Are you contemplating moving several generations under one roof? Are you caught in the “sandwich generation” – caring for aging parents and children?
If so, you are not alone. A study from Generations United finds that the number of Americans living in a multigenerational household with three or more generations has nearly quadrupled over the past decade, increasing from 7 percent to 26 percent between 2011 and 2021.
Generations United estimates 66.7 million adults ages 18+ in the U.S. are living in a multigenerational household; that's more than 1 in 4 Americans. Among those living in a multigenerational household, nearly 6 in 10 (57 percent) say they started or are continuing to live together because of the COVID-19 pandemic.
There are many rewards, like fostering closer relationships and possible financial savings, that come with living together. But multigenerational living also has plenty of challenges, such as emotional stress, caregiving dilemmas and space and privacy issues.
Whether you've already decided to merge households or if you're just thinking about it, now is the time to start discussing the logistics and making a list of pros and cons.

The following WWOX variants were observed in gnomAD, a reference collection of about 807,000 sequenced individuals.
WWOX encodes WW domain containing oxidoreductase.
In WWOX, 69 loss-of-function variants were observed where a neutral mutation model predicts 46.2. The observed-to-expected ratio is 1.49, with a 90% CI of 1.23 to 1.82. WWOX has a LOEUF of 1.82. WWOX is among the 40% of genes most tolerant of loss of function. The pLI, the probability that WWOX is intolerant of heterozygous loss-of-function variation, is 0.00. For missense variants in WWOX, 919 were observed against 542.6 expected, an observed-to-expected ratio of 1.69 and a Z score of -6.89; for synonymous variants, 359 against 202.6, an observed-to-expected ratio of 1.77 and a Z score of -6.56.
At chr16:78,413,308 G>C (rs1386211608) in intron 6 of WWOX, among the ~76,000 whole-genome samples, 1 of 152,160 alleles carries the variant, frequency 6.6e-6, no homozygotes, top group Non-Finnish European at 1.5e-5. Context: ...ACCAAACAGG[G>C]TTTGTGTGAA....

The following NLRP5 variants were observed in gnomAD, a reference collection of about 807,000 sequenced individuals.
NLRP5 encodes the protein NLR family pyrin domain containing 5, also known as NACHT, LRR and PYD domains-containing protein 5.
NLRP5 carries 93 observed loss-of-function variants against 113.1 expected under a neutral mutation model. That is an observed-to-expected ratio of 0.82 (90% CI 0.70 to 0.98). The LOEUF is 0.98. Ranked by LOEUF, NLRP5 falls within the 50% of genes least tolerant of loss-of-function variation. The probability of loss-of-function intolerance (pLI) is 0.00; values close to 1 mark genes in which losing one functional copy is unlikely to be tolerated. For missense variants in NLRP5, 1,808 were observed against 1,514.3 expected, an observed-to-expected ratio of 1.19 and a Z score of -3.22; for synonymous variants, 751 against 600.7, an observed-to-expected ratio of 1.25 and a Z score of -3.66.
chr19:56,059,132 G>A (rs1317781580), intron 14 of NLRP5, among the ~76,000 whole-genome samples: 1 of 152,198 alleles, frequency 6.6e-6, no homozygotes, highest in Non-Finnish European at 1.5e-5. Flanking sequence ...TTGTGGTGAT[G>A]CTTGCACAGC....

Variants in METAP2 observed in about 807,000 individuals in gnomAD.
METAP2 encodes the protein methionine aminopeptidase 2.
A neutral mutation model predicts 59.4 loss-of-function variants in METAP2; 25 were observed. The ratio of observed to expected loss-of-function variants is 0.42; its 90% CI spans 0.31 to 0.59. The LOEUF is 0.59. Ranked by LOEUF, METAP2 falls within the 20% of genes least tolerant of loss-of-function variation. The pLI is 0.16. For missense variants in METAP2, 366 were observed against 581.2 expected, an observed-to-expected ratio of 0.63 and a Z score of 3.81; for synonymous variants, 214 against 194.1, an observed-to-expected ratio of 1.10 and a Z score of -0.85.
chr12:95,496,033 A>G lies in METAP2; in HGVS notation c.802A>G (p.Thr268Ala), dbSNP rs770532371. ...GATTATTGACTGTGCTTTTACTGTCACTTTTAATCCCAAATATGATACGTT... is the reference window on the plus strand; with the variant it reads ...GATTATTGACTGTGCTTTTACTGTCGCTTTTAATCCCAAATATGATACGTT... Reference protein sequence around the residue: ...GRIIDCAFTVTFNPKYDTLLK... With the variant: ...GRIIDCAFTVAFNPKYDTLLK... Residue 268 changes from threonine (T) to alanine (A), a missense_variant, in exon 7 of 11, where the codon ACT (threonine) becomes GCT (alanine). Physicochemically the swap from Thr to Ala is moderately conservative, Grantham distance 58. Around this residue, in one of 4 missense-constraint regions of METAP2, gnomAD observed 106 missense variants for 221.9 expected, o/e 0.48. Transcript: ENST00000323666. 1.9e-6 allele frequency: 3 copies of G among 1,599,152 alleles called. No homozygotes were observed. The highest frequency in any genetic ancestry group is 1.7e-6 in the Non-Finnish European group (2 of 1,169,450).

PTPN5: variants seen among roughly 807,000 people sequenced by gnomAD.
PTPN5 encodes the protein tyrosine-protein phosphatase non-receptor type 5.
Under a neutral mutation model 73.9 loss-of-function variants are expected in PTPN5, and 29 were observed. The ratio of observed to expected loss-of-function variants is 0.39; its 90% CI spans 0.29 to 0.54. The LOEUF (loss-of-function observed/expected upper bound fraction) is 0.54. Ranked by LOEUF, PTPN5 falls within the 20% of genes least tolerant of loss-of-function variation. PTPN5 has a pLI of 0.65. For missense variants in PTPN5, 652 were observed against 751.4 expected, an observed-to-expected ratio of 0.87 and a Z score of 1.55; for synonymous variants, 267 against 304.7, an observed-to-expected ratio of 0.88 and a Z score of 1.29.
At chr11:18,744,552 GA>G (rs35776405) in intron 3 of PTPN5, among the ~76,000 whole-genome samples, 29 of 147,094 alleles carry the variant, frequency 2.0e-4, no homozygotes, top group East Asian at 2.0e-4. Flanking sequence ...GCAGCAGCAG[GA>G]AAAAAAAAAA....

10 Questions to Ask Before Combining Households
- Is it best financially to maintain separate residences or to move in together?
- Do you have the resources to take care of an aging adult in your home?
- Are there young children at home? If so, what do they think about it?
- Which house will you call home – yours or theirs?
- Is the home safe for an older adult and, if not, what changes need to be made?
- How do you handle separate bank and savings accounts, and joint expenses?
- What role will adult siblings play?
- Will you need caregiving help for your aging loved one?
- How do you balance family time and personal time?
- If you're an older adult, will you lose your independence?
Why Families Are Living Together
The reasons different generations decide to live together are as varied as the families themselves, but three factors often come into play.
Families are coming together to share caregiving duties—either an aging loved one needs care or an older adult is providing care to his or her grandchildren.
Physical or Emotional Support
Older adults may feel the need for the physical or emotional support of extended family after losing a spouse, navigating health issues, or challenges maintaining their property.
The economy is affecting everyone, especially older adults living on fixed incomes. Moving in with family can sometimes save money on food, utilities, and other essentials. Consider these financial planning tips for multigenerational families. Use this calculator to explore estimates on cost of care based on geographic location and care level required.
Remember that planning ahead for tough conversations can help reduce stress.
Communication is the key to making a combined family work, says Matthew Kaplan Ph.D., Penn State Intergenerational Programs and Aging professor. "Families must address the issues at hand—from multiple perspectives—when they arise...Ask yourself, 'What can we do to come together and figure things out?'"